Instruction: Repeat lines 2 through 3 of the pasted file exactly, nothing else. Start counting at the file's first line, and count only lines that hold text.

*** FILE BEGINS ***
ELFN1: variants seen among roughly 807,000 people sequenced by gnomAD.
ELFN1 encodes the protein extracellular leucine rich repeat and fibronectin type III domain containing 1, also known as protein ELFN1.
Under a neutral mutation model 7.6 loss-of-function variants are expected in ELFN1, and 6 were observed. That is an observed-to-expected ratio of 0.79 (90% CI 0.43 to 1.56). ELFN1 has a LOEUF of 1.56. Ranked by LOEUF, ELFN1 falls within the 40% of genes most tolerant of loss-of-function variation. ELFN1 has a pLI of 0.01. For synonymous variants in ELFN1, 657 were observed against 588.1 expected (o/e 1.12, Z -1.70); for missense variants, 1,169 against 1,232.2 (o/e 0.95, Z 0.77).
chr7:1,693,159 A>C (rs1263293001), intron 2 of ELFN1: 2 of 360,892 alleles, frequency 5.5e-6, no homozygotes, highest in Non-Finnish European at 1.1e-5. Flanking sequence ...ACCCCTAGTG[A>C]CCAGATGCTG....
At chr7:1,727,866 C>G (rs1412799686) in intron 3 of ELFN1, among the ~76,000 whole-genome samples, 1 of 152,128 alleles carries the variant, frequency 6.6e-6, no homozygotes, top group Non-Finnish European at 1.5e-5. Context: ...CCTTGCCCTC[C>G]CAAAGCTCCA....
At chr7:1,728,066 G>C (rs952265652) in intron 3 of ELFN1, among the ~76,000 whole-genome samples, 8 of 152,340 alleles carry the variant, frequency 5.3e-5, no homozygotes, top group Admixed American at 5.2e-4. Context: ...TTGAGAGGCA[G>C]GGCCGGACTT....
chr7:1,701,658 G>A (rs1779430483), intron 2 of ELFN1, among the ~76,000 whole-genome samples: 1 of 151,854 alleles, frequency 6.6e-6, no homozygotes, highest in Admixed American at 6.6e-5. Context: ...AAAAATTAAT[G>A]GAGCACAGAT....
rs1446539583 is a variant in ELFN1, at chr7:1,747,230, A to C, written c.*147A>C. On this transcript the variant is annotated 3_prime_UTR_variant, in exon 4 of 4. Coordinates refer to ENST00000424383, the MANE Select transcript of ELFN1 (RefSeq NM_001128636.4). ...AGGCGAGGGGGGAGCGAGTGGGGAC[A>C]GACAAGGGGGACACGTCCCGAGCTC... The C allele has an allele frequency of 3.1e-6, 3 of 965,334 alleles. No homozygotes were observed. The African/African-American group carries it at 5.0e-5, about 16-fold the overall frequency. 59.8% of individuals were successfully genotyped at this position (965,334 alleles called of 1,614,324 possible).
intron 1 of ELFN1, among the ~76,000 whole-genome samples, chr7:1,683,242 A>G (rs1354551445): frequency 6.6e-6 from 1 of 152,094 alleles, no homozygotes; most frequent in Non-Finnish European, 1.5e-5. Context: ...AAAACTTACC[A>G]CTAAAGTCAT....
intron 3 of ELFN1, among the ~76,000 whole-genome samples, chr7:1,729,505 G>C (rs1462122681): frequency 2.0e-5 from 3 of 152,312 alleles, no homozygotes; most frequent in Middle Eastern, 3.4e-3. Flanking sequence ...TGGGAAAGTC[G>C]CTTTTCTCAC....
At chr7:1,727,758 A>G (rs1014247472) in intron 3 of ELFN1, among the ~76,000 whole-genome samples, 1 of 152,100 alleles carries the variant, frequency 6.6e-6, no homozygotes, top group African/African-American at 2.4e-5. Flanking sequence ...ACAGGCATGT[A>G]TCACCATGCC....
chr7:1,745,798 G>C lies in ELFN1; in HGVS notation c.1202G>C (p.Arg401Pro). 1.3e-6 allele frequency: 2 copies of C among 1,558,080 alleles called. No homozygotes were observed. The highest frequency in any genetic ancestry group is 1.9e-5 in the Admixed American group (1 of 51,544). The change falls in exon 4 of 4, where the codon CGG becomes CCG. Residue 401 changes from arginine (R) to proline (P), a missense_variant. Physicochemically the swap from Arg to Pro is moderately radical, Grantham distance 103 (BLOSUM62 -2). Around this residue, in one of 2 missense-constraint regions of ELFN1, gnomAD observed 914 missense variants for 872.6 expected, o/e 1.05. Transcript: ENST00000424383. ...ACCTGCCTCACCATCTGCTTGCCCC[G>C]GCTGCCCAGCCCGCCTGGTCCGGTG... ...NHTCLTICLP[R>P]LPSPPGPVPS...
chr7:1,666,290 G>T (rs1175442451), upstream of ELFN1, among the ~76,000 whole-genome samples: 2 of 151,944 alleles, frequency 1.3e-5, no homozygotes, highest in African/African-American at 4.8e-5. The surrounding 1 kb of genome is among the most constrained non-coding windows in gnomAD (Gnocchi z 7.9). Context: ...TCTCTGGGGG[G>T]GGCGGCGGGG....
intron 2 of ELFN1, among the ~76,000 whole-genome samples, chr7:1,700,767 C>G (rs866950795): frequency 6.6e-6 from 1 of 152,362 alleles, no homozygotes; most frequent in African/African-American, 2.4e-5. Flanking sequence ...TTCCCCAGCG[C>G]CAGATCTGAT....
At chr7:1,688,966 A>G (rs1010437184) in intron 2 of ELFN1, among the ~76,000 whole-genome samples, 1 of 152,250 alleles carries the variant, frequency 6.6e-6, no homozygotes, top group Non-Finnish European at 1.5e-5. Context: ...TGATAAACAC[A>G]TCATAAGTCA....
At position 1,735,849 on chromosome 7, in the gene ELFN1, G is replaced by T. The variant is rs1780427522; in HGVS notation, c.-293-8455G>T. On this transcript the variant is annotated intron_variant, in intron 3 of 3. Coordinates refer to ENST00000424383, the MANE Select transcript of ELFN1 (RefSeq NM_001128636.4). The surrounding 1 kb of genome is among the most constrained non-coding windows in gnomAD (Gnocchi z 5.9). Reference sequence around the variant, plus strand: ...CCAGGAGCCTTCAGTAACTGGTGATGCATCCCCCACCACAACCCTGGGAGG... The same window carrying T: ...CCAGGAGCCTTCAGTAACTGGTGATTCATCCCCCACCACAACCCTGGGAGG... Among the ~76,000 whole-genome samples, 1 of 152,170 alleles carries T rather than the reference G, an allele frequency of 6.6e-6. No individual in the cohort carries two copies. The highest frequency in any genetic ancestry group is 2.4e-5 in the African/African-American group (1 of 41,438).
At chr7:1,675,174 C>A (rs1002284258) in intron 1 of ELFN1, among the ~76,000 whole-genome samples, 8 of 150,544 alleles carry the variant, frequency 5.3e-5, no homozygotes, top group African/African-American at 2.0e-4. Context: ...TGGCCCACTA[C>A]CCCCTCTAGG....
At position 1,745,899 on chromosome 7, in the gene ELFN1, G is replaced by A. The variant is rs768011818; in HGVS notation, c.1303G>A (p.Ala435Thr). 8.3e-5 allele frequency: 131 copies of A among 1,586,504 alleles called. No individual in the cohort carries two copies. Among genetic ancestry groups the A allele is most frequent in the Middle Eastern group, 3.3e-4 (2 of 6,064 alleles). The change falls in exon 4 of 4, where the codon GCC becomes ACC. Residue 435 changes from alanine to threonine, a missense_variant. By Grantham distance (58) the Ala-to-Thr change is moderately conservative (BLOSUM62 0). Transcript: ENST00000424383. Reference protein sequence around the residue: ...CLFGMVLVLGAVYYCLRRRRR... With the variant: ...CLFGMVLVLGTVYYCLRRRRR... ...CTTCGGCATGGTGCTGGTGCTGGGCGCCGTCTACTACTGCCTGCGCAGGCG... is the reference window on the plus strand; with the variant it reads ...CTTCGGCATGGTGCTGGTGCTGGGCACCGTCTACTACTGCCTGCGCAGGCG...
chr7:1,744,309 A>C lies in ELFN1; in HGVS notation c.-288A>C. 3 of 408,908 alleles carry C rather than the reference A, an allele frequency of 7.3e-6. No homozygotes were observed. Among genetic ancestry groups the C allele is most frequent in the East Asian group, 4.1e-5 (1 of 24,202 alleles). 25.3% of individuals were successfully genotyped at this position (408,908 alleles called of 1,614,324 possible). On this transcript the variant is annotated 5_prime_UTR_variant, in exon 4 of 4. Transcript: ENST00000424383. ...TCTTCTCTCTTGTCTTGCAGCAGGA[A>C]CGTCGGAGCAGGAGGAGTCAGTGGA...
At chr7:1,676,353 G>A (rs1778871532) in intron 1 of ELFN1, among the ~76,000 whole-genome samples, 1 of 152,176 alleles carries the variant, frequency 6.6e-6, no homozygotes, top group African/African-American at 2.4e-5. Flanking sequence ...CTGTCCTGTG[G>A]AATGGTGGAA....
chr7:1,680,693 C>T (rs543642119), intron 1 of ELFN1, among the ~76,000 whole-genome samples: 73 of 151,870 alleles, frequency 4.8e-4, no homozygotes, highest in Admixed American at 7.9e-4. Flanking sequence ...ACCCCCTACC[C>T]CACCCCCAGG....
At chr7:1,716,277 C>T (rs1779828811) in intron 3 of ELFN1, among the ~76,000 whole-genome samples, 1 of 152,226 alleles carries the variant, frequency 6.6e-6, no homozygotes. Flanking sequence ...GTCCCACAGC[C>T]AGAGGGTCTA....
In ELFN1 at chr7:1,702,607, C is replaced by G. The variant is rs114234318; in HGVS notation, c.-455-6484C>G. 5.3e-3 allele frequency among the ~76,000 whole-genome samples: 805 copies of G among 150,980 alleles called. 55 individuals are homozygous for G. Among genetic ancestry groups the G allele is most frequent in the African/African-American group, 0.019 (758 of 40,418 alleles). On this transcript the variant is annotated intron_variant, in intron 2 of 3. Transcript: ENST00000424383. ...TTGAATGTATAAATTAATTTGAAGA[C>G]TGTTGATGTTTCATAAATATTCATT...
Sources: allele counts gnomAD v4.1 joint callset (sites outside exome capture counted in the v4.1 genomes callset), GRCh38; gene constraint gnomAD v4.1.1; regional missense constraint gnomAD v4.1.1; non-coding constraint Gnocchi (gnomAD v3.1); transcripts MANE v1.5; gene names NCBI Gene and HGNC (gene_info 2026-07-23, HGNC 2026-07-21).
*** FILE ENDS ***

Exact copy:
ELFN1 encodes the protein extracellular leucine rich repeat and fibronectin type III domain containing 1, also known as protein ELFN1.
Under a neutral mutation model 7.6 loss-of-function variants are expected in ELFN1, and 6 were observed. That is an observed-to-expected ratio of 0.79 (90% CI 0.43 to 1.56). ELFN1 has a LOEUF of 1.56. Ranked by LOEUF, ELFN1 falls within the 40% of genes most tolerant of loss-of-function variation. ELFN1 has a pLI of 0.01. For synonymous variants in ELFN1, 657 were observed against 588.1 expected (o/e 1.12, Z -1.70); for missense variants, 1,169 against 1,232.2 (o/e 0.95, Z 0.77).